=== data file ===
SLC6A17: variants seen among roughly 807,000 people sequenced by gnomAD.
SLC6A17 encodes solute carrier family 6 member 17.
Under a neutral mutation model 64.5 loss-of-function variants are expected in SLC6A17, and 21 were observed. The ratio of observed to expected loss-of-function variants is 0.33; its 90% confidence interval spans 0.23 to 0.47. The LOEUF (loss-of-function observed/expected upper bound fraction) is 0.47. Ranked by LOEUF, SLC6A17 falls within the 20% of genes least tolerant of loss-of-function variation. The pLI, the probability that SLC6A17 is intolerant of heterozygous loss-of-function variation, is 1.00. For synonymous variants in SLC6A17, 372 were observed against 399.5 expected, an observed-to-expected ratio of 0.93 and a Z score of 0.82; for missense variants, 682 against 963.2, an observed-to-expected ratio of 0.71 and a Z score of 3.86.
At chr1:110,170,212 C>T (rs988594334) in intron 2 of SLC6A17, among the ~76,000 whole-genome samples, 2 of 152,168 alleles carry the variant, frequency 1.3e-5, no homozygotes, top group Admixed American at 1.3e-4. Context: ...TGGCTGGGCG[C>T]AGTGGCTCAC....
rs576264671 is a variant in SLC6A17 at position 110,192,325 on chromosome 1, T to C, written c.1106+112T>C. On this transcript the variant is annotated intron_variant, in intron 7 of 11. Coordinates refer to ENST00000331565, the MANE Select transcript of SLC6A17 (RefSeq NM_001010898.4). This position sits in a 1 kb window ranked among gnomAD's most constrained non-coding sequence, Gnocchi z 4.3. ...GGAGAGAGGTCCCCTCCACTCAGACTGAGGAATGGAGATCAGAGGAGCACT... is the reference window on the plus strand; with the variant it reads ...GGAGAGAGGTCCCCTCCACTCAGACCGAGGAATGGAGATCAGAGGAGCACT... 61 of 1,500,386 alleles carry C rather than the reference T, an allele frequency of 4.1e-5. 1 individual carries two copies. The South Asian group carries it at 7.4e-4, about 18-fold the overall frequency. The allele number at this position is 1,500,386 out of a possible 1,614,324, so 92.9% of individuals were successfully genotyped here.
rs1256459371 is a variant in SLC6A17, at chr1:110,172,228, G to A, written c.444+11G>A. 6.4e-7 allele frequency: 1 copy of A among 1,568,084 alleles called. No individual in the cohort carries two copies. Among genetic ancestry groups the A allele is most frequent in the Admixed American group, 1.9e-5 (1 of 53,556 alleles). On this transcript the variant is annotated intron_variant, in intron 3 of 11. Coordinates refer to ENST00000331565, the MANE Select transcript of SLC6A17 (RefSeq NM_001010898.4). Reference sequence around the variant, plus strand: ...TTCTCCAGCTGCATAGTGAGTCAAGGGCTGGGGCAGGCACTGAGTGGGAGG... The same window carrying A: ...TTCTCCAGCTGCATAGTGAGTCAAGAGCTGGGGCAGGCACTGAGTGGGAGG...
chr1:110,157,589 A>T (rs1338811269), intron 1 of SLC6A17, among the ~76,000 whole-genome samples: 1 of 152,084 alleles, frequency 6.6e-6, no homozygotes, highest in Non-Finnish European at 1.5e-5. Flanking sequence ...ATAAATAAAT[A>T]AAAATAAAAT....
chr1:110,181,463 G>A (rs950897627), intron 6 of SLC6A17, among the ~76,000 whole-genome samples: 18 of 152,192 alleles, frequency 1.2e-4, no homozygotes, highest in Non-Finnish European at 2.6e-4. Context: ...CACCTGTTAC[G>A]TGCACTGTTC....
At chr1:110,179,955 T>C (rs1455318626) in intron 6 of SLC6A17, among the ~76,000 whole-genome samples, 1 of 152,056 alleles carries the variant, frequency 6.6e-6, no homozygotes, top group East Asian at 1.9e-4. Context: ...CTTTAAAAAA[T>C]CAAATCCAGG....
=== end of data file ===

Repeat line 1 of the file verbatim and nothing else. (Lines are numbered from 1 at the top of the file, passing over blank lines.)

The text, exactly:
SLC6A17: variants seen among roughly 807,000 people sequenced by gnomAD.